Sunday Bits

TODAY: There’s a quick recap of the week’s top news – we’re taking a look back at the classic strategy franchise that ended with Populous: The Beginning in this week’s Blast from the Past

Blast from the Past

Fight, build and preach your way to godhood in Populous: The Beginning

It’s another Bullfrog Productions classic and this time it’s the 1998 real-time strategy Populous: The Beginning, which takes you from shaman to godhood if you play your tactics right. It was also the third entry in the Populous series and the first to use 3D graphics.

Populous: The Beginning somewhat straddles between strategy and god game as you’re not just building a force to knock down an opposition, but actually shaping a small society of villagers into a thriving town that worships you as a cult. It has the more traditional strategy base building elements of collecting resources, building new structures and planning defences. Your villagers however spawn overtime from homes so you don’t ‘build them’ but can assign them roles as warriors etc.

Our path to godhood takes place in a solar system where each new world we visit is a new map to conquer in our glorious name. We control the shaman of our tribe but there are plenty of rivals also looking for sweet divinity. As we start progressing you get access to new and more powerful abilities. Sometimes these are unlocked for good and are available from now on, and other times we get them limited in use or taken away as a special challenge or handicap.

As the name implies, ‘The Beginning’ is set before the original two Populous titles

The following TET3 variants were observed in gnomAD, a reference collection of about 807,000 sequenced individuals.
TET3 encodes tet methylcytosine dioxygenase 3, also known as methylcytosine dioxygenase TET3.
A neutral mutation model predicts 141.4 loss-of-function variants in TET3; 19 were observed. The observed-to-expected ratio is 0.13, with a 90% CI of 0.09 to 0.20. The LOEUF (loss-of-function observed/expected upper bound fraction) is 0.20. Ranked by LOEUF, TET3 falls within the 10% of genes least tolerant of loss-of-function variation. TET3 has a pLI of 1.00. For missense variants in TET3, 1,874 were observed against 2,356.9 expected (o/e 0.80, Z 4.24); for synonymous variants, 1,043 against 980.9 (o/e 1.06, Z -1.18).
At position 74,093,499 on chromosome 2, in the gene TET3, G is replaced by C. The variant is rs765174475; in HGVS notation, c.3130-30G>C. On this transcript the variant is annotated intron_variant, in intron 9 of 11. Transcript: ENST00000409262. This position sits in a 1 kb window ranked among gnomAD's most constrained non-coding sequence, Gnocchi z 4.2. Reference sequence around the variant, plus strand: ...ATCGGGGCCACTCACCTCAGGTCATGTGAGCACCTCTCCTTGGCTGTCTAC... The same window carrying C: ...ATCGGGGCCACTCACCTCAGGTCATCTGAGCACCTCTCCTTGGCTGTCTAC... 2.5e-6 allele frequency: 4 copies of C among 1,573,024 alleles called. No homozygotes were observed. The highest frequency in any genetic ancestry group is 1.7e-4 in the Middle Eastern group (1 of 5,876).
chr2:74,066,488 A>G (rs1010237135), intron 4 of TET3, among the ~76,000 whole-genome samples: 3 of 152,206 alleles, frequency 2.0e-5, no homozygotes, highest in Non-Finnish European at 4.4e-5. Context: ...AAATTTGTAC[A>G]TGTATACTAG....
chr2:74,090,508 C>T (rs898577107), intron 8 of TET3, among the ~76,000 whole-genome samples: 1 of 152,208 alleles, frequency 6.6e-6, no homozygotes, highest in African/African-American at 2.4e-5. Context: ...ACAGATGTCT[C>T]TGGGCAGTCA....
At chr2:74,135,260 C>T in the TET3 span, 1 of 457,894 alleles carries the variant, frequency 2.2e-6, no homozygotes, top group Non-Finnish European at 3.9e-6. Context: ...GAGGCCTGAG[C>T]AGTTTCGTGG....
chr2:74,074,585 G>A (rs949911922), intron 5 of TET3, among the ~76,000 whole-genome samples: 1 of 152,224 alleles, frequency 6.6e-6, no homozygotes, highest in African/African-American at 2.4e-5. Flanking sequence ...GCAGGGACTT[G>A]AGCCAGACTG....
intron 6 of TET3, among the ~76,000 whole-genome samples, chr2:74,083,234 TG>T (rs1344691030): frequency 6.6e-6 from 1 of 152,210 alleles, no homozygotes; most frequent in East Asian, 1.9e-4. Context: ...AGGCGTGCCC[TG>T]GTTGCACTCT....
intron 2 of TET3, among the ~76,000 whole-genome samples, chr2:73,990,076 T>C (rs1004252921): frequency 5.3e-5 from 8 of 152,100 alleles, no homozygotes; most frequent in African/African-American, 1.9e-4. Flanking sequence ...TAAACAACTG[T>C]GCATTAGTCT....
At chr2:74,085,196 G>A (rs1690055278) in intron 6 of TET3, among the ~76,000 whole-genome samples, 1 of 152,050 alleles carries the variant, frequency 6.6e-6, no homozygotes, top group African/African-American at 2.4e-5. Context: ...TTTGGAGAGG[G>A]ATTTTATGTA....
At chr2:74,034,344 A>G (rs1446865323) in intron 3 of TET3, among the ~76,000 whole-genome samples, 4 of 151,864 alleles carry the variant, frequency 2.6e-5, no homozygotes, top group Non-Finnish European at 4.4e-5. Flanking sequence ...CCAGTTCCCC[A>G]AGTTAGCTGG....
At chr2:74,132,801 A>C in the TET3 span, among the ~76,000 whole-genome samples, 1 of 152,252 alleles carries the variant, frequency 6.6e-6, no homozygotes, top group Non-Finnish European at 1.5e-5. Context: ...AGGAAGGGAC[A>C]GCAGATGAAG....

Magic is a vital part of the game and you’ll end up using it in major battles and just to manipulate and deform the terrain. You can raise, lower and level the ground, which means the very earth itself can be used as a weapon or shield against a rival tribe. Create your own wall and then litter it with towers manned by firewarriors for your own ‘border control’. You could always just get your shaman into a balloon and have her hurl lighting at anything that moves — a favourite of mine.

Much of Populous: The Beginning’s appeal actually comes from its visual charms. Its art style is oddly endearing as you build up your little disposal armies of braves, warriors and preachers. It’s funny to watch sprite animations of a preacher starting to convert enemy warriors and braves only to get interrupted by a rival preacher who just runs over and starts wailing on him. Suddenly that ‘engaging sermon’ turns into a barroom brawl with plenty of exaggerated sound effects of the fight.

This was the first Populous designed without series creator Peter Molyneux

Each level in the game is a spherical world and some are almost puzzle like in their design to make us use our shaman’s powers to figure a way to reach and defeat a rival. This plays well into the game’s strategy as it means we can create choke points, but always be cautious about what the enemy is up to because they might just create a literal land bridge into your village. My rapid response lightning balloon shaman patrol should make short work of that though.